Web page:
The benefits of a Grafted Tomato

What is a grafted tomato plant? A grafted tomato plant is actually two plants that are spliced or grafted together just above the soil line. What happens is the grower selects a tomato plant that has a superior, vigorous and disease resistant root system and cuts the plant off from the roots. They then select a variety of tomato plant that is known for producing flavorful fruit that the consumer wants and cut the roots off from the plant. They take the best features of both plants and graft them together to make super tomato plant. Grafted tomato plants produce about twice the amount of tomatoes than a conventional plant of the same variety.

 

In the past, grafted tomato plants were very expensive but the prices have come down quite a bit recently. They still cost about twice as much as a conventional tomato plant. So why pay twice as much for twice the yield? Why not just buy two regular tomato plants? Think about all the stuff you have bought in the past to grow your tomatoes. Raised beds or pots, special soil, special cages, fertilizers, lime, sprays, those upside down hanging things, etc. With a grafted tomato, you’ll need some decent garden soil and a stake to tie it to as it grows. It’ll probably save you a bit of money to buy a superior plant in the first place.

 

The larger root stock allows the plant grow to its full potential even in imperfect soil conditions. Your tomato plant will grow larger, resist disease and provide many more delicious tomatoes than you’ve ever seen before. It isn’t uncommon to see a grafted tomato have doubled the yield of a conventional tomato of the same variety. As the saying goes, “More root, more fruit!” The only precaution is that you can’t plant it deep like you can a regular tomato plant. You have to keep the graft above the soil line. Deep planting is a way to get a regular tomato plant to develop extra roots at a faster pace. Since the grafted tomato is designed to do that naturally, deep planting is not necessary.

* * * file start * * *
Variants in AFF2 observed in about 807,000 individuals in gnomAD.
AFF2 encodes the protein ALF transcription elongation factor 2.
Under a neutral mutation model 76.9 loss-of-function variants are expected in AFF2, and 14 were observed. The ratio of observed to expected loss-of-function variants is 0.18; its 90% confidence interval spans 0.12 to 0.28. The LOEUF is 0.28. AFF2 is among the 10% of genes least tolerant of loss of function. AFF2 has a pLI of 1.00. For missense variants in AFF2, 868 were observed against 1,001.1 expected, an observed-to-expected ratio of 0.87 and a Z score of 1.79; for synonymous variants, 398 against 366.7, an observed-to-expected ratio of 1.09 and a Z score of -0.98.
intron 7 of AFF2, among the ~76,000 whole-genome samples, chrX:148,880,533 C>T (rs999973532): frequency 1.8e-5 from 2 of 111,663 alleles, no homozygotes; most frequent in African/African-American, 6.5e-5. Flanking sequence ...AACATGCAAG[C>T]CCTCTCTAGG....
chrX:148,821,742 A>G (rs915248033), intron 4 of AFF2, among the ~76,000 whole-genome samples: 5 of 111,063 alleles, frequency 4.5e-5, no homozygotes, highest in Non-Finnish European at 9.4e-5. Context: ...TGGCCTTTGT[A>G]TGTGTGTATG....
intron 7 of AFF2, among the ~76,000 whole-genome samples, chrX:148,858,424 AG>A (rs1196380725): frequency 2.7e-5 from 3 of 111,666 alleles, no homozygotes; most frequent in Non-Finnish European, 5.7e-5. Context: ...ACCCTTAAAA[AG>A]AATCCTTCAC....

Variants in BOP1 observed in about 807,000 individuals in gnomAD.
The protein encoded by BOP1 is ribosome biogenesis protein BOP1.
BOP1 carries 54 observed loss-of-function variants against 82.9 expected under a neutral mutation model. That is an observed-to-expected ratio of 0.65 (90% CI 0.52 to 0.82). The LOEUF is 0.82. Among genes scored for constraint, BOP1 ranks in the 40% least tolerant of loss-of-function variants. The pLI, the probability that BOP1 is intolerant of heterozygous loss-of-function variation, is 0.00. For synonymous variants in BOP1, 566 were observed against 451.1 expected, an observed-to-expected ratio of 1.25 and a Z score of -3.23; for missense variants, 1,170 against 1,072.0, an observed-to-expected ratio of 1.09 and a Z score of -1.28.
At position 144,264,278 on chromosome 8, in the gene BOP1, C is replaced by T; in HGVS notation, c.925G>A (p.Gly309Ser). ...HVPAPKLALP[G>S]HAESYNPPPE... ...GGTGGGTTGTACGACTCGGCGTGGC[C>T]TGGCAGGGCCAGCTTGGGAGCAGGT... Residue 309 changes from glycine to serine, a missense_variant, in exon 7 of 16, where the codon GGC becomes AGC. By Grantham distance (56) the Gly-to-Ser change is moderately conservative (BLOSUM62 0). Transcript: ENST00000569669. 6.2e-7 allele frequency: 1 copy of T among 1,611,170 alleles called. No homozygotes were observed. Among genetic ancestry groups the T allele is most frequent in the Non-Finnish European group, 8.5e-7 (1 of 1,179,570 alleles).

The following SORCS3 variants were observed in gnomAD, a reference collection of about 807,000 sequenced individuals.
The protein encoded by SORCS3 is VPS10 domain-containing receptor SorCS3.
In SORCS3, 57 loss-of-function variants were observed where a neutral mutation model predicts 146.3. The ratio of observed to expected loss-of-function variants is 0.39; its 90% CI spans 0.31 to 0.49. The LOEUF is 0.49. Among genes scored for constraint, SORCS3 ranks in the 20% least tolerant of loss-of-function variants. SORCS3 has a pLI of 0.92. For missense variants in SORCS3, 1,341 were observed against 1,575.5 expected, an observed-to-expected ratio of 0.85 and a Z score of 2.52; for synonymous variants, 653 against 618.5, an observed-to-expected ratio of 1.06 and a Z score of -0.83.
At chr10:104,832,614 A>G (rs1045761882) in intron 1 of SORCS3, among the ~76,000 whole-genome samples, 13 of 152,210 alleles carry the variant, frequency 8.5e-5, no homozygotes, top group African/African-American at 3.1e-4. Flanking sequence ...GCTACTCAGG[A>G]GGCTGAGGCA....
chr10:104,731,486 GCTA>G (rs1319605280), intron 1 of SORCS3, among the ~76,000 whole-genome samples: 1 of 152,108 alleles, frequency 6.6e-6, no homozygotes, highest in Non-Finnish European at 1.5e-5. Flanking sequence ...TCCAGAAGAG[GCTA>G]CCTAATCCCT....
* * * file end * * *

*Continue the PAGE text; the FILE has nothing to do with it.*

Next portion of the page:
One Response to “The benefits of a Grafted Tomato”

  1. I have been busy grafting my cheson tomatoe plants, but I suffer a lot with arthritis, and have struggled to get the grafts to hold whilst I attach the grafting clips, but with a little hesitation I decided to to prepare the two plants ie, the rootstock + the variety, the got them joined together, then pushed a nobpin a new one sterile through the graft joint to hold them whilst grafting clip was attached, and it works a treat, now all of them have taken and growing strong, not one graft has missed.

    Reply

Leave a Reply

XHTML: You can use these tags: <a href="" title=""> <abbr title=""> <acronym title=""> <b> <blockquote cite=""> <cite> <code> <del datetime=""> <em> <i> <q cite=""> <s> <strike> <strong>